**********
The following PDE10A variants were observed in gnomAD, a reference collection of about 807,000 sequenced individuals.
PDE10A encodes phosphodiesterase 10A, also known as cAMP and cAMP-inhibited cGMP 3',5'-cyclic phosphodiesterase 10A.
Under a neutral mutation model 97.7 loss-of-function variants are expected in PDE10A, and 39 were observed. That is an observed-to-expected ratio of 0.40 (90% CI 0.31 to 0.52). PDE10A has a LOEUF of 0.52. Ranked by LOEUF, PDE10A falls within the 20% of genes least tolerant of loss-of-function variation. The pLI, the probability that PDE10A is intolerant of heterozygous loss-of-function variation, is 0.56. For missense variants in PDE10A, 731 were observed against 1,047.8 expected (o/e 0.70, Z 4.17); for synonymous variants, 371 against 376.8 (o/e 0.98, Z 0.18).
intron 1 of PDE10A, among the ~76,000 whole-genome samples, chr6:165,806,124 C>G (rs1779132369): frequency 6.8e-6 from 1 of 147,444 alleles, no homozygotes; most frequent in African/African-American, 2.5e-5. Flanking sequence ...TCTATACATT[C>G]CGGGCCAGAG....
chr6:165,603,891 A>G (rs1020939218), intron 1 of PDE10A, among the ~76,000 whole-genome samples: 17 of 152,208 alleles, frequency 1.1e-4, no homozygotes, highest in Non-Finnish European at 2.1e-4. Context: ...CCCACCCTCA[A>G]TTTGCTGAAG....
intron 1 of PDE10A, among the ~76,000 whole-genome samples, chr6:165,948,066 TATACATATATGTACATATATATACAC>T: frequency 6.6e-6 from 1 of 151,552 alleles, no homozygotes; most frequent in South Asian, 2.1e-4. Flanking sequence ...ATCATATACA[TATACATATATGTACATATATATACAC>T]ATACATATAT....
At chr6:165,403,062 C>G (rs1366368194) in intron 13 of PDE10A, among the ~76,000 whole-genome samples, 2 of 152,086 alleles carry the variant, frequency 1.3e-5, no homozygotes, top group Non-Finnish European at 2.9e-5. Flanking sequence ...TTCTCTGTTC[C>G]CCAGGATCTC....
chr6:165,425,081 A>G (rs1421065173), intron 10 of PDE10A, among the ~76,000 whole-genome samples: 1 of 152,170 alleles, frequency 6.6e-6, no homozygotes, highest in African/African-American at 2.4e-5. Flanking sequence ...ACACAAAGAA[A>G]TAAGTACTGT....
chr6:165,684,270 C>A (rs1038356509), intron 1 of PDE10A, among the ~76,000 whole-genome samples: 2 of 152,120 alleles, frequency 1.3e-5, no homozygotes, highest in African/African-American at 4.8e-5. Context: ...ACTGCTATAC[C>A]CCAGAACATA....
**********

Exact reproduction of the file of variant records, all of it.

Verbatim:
The following PDE10A variants were observed in gnomAD, a reference collection of about 807,000 sequenced individuals.
PDE10A encodes phosphodiesterase 10A, also known as cAMP and cAMP-inhibited cGMP 3',5'-cyclic phosphodiesterase 10A.
Under a neutral mutation model 97.7 loss-of-function variants are expected in PDE10A, and 39 were observed. That is an observed-to-expected ratio of 0.40 (90% CI 0.31 to 0.52). PDE10A has a LOEUF of 0.52. Ranked by LOEUF, PDE10A falls within the 20% of genes least tolerant of loss-of-function variation. The pLI, the probability that PDE10A is intolerant of heterozygous loss-of-function variation, is 0.56. For missense variants in PDE10A, 731 were observed against 1,047.8 expected (o/e 0.70, Z 4.17); for synonymous variants, 371 against 376.8 (o/e 0.98, Z 0.18).
intron 1 of PDE10A, among the ~76,000 whole-genome samples, chr6:165,806,124 C>G (rs1779132369): frequency 6.8e-6 from 1 of 147,444 alleles, no homozygotes; most frequent in African/African-American, 2.5e-5. Flanking sequence ...TCTATACATT[C>G]CGGGCCAGAG....
chr6:165,603,891 A>G (rs1020939218), intron 1 of PDE10A, among the ~76,000 whole-genome samples: 17 of 152,208 alleles, frequency 1.1e-4, no homozygotes, highest in Non-Finnish European at 2.1e-4. Context: ...CCCACCCTCA[A>G]TTTGCTGAAG....
intron 1 of PDE10A, among the ~76,000 whole-genome samples, chr6:165,948,066 TATACATATATGTACATATATATACAC>T: frequency 6.6e-6 from 1 of 151,552 alleles, no homozygotes; most frequent in South Asian, 2.1e-4. Flanking sequence ...ATCATATACA[TATACATATATGTACATATATATACAC>T]ATACATATAT....
At chr6:165,403,062 C>G (rs1366368194) in intron 13 of PDE10A, among the ~76,000 whole-genome samples, 2 of 152,086 alleles carry the variant, frequency 1.3e-5, no homozygotes, top group Non-Finnish European at 2.9e-5. Flanking sequence ...TTCTCTGTTC[C>G]CCAGGATCTC....
chr6:165,425,081 A>G (rs1421065173), intron 10 of PDE10A, among the ~76,000 whole-genome samples: 1 of 152,170 alleles, frequency 6.6e-6, no homozygotes, highest in African/African-American at 2.4e-5. Flanking sequence ...ACACAAAGAA[A>G]TAAGTACTGT....
chr6:165,684,270 C>A (rs1038356509), intron 1 of PDE10A, among the ~76,000 whole-genome samples: 2 of 152,120 alleles, frequency 1.3e-5, no homozygotes, highest in African/African-American at 4.8e-5. Context: ...ACTGCTATAC[C>A]CCAGAACATA....